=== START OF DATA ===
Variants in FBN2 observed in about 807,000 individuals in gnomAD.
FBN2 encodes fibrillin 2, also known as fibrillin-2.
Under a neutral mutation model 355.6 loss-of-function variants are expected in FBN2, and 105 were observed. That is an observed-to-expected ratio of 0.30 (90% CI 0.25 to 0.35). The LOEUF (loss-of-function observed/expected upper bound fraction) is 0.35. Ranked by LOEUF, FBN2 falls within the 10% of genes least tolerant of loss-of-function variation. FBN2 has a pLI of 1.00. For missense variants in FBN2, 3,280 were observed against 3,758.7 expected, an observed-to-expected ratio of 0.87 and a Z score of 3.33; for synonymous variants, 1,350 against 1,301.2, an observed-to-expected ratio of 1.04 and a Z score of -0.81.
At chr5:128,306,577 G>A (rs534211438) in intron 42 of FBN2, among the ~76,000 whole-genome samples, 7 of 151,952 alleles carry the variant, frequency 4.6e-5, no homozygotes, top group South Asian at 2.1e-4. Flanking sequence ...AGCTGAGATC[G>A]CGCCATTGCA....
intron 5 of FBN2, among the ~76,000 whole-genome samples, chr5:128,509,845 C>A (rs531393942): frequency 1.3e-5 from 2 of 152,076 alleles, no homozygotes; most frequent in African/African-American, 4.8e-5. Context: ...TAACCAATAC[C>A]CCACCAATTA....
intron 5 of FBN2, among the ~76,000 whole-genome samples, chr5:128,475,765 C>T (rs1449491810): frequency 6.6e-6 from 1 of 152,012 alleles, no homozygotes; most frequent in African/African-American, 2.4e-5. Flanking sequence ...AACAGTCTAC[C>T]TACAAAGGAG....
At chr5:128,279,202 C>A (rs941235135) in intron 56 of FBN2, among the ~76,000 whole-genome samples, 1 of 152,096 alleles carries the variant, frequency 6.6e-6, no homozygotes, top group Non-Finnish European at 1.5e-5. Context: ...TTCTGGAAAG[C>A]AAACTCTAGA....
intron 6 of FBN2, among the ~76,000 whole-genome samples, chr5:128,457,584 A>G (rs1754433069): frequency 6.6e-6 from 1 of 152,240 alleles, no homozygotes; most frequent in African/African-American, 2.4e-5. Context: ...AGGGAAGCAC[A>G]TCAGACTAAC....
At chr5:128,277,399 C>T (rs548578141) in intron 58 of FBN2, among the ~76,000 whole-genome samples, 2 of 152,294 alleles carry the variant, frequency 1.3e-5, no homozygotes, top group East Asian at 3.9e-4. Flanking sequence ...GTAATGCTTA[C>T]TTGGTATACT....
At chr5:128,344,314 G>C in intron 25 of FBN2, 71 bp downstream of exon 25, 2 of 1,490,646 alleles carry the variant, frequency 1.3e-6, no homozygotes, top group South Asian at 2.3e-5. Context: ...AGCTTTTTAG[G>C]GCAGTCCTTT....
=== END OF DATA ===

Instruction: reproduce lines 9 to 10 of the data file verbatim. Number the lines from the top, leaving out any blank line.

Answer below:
At chr5:128,277,399 C>T (rs548578141) in intron 58 of FBN2, among the ~76,000 whole-genome samples, 2 of 152,294 alleles carry the variant, frequency 1.3e-5, no homozygotes, top group East Asian at 3.9e-4. Flanking sequence ...GTAATGCTTA[C>T]TTGGTATACT....
At chr5:128,344,314 G>C in intron 25 of FBN2, 71 bp downstream of exon 25, 2 of 1,490,646 alleles carry the variant, frequency 1.3e-6, no homozygotes, top group South Asian at 2.3e-5. Context: ...AGCTTTTTAG[G>C]GCAGTCCTTT....